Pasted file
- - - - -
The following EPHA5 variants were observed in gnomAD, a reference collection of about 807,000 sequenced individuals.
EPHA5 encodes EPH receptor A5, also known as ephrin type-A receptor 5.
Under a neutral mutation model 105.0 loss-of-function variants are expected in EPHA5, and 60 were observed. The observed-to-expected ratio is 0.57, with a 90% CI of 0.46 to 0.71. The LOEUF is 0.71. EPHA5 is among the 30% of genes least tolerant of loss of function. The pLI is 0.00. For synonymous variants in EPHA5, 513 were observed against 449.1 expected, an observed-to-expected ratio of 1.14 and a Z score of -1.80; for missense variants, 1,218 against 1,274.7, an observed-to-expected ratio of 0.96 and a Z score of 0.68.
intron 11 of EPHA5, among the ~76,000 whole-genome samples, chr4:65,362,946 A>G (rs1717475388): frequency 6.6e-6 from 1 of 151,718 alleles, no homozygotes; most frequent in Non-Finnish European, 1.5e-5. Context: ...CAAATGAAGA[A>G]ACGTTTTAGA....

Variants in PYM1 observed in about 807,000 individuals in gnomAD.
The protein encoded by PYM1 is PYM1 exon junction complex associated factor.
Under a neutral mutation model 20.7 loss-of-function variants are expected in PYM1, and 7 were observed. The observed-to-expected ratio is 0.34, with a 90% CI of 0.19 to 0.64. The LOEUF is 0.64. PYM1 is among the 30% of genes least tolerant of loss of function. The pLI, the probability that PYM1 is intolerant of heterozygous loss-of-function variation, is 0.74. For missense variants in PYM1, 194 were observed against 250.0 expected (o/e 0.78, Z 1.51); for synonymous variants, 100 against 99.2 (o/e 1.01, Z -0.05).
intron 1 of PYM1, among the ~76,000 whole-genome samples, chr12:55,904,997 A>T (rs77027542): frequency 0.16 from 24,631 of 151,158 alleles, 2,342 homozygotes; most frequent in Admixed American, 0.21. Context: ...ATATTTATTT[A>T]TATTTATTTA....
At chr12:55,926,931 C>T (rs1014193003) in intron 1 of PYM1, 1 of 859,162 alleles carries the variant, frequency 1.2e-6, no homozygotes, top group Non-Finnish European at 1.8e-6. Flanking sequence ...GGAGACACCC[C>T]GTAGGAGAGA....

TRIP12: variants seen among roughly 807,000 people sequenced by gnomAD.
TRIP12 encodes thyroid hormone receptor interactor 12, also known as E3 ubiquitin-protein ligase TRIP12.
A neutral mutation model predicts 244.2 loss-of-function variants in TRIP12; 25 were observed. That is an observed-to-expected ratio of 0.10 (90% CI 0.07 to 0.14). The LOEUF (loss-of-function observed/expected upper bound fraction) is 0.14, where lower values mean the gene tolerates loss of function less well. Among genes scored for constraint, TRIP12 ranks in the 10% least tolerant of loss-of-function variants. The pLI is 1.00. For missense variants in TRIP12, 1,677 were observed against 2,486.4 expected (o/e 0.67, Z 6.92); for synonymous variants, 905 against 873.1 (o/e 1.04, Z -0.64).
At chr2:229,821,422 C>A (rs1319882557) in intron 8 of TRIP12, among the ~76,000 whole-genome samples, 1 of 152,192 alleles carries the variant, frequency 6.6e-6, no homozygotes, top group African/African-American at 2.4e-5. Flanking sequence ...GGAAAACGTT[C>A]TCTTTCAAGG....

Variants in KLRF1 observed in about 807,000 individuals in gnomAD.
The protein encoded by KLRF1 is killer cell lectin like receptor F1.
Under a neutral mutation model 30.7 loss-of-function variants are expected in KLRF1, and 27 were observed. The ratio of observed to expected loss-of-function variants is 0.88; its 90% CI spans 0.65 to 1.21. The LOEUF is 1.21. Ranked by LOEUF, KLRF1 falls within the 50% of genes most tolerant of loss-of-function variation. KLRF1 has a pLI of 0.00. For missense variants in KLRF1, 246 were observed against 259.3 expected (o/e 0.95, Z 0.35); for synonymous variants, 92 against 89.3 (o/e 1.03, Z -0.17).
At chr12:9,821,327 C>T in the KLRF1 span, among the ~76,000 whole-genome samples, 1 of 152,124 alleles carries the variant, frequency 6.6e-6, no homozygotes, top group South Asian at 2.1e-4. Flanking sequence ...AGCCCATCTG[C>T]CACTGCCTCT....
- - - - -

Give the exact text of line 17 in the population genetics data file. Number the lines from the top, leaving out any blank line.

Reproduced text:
At chr12:9,821,327 C>T in the KLRF1 span, among the ~76,000 whole-genome samples, 1 of 152,124 alleles carries the variant, frequency 6.6e-6, no homozygotes, top group South Asian at 2.1e-4. Flanking sequence ...AGCCCATCTG[C>T]CACTGCCTCT....